By Jesse J. Holland
March 7, 2017
WASHINGTON — Housing and Urban Development Secretary Ben Carson on Monday compared slavery to immigration in the United States, a view that experts on slavery called a misleading read on American history.
Carson, who was confirmed as HUD secretary last week and is the only black member of President Donald Trump’s Cabinet, was talking about the work ethic and dreams of immigrants who came to the United States through Ellis Island in his first speech at the department.
“There were other immigrants who came here on the bottom of slave ships, worked even longer, even harder for less,” Carson said as he walked across a stage holding a microphone.
Carson later that night called slaves “involuntary immigrants” on a radio show. “Slaves came here as involuntary immigrants but they still had the strength to hold on,” he said on Sirius XM’s “The Armstrong Williams Show.”
“That requires a tremendous amount of toughness and will power and hope and faith and they had that,” he said. “Don’t let anyone turn that into something bad.”
A HUD spokesman declined to comment on Carson’s statement in Monday. The department later tweeted: “This is the most cynical interpretation of the Secretary’s remarks to an army of welcoming HUD employees. No one honestly believes he equates voluntary immigration with involuntary servitude!”
Carson has been considered a hero and motivational speaker in African-American communities for his accomplishments in medicine, and became a prominent speaker in conservative circles after entering politics.
The retired neurosurgeon has drawn criticism before when making comparisons to slavery. In 2013 he branded “Obamacare,” the Affordable Care Act championed by President Barack Obama, “the worst thing that has happened in this nation since slavery.”
Rana Hogarth, a history professor and expert on American slavery at the University of Illinois at Urbana-Champaign, said comparing slaves with immigrants was “inappropriate and wildly inaccurate.” She said immigration “suggests a desire of a person to make the journey.”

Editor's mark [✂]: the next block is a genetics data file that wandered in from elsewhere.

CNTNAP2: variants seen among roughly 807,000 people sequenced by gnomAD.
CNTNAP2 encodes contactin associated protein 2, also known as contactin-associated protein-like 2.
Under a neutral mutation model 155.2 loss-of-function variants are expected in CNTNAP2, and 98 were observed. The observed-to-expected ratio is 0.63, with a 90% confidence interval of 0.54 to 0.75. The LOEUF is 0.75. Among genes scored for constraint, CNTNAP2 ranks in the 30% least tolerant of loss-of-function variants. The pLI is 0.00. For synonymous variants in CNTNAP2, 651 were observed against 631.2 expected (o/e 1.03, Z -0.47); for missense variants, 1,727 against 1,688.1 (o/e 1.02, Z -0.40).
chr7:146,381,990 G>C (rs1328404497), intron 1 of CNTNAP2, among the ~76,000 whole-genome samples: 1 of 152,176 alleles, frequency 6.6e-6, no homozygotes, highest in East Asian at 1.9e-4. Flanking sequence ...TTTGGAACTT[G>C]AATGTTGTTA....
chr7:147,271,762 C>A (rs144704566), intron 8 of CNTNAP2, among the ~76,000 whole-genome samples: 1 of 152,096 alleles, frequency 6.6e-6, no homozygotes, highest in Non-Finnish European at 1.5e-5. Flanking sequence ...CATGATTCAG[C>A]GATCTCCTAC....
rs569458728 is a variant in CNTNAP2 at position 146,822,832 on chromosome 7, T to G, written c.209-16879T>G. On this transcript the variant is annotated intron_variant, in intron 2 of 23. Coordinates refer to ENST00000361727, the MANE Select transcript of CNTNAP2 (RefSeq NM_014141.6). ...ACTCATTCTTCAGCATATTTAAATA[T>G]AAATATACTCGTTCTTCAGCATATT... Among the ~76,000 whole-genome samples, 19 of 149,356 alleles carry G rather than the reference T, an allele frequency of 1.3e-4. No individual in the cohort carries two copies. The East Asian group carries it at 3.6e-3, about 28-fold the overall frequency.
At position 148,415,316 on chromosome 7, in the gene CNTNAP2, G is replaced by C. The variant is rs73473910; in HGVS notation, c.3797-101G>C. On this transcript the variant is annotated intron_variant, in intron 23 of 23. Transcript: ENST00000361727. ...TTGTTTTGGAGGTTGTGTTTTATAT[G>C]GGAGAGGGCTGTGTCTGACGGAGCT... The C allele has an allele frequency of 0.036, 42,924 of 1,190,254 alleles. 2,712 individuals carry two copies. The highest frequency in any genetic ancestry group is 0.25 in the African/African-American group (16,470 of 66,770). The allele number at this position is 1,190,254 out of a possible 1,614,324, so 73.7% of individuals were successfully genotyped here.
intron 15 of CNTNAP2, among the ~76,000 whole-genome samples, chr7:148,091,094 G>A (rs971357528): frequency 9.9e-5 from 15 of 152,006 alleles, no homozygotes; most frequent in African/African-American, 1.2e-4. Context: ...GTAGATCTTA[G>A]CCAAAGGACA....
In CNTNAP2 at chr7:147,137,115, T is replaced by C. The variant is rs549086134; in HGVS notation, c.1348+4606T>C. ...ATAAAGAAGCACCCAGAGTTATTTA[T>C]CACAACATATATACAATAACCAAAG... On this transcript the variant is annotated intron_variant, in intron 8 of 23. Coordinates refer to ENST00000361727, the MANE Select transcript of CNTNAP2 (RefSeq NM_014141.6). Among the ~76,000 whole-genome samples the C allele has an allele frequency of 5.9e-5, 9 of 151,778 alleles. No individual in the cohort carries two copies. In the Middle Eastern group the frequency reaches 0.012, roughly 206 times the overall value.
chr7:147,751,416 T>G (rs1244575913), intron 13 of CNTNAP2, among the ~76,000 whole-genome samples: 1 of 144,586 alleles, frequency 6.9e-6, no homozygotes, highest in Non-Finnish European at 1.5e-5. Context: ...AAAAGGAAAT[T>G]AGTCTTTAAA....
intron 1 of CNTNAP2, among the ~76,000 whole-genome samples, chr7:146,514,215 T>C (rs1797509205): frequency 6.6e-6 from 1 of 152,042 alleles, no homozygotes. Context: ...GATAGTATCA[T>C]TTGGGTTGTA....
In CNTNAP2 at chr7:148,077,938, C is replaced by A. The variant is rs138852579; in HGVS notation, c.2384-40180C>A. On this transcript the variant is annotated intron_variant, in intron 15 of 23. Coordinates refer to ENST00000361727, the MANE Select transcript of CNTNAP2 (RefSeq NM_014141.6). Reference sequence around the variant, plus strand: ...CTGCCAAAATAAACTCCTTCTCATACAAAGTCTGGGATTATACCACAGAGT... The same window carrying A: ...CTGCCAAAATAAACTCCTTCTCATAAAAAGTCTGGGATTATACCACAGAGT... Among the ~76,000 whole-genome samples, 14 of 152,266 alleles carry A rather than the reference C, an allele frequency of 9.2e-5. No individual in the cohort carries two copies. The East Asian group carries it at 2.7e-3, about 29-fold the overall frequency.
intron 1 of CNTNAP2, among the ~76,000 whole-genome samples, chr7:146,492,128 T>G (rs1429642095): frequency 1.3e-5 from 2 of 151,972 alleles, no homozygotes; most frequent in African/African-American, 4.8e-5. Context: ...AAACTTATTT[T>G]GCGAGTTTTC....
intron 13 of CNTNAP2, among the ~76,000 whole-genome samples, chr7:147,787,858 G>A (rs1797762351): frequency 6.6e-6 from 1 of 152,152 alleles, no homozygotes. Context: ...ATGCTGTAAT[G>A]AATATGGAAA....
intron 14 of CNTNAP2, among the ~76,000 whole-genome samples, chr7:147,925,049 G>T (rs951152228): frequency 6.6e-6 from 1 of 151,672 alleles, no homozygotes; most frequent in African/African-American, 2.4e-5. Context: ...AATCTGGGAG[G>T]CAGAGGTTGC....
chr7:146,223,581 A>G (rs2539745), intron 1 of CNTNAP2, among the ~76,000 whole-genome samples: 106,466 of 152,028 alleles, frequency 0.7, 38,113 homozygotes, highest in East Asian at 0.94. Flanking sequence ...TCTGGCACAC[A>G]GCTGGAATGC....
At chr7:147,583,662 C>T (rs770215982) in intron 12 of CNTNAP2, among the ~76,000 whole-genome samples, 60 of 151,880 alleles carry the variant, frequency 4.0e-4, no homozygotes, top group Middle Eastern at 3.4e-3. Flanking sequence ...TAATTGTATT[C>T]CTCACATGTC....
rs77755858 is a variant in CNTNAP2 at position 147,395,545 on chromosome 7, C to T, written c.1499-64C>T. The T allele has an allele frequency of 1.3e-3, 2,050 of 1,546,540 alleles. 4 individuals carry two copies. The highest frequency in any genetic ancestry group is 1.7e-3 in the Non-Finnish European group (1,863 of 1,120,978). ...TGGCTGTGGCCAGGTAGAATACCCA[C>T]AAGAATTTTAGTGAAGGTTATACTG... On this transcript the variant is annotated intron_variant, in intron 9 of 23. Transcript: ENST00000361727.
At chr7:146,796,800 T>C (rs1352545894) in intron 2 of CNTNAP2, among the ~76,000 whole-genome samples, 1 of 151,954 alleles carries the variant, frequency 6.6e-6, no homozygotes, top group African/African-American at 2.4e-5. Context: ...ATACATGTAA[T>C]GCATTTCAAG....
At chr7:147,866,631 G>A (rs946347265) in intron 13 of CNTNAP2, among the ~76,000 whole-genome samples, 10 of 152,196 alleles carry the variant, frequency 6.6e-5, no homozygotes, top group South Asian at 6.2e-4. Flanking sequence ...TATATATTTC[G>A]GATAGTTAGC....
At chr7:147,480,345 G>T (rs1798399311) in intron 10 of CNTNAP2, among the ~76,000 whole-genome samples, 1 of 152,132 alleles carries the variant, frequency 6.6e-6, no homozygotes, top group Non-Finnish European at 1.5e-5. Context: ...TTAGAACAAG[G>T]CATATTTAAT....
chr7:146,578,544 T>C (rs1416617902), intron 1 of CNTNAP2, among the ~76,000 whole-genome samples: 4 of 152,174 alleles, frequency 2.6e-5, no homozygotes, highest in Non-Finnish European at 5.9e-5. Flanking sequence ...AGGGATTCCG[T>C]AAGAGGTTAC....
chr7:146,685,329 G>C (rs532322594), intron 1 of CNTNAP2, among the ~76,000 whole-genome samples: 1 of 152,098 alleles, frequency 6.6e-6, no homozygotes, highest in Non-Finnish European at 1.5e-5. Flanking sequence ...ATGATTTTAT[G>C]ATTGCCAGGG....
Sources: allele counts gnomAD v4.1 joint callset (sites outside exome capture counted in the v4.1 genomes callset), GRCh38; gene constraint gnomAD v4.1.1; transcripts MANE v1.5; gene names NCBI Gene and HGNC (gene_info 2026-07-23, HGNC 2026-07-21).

“I think that he’s either misinformed or made a mistake,” Hogarth said. “His beginning on Ellis Island tells me there’s a major gap in his knowledge of how we talk about different ways people settled the United States and what circumstances they settled in United States.”
Rebecca Scott, a University of Michigan law and history professor, said slavery in the United States was a “dramatically distinct form of migration,” and that slavery made realizing the American dream much more difficult for captured Africans.
“That people had aspirations for their children regardless of how they were brought to the United States was certainly true,” Scott said. “Their capacity to see their aspirations realized was starkly limited by slavery.”
Carson spoke to HUD employees as he began his first full week leading the department. The Senate confirmed him last week.
The agency, with a budget of about $47 billion, provides housing assistance to low-income people through vouchers and public housing, enforces fair housing laws and provides development block grants to communities.
In his speech to a standing-room-only audience, Carson pledged to lead HUD with a “very big emphasis on fairness for everybody. Everything that we do, every policy. No favorites for anybody. No extras for anybody, but complete fairness for everybody.”
He praised HUD employees for their dedication to HUD’s “mission of really helping the downtrodden, helping the people in our society to be able to climb the ladder. Because to me, that really is what it’s all about.”
Democrats and housing advocates have expressed concern about his lack of government and housing policy experience. Carson said he plans to embark on a listening tour of communities and HUD field offices around the country to “see what works and what doesn’t work.”
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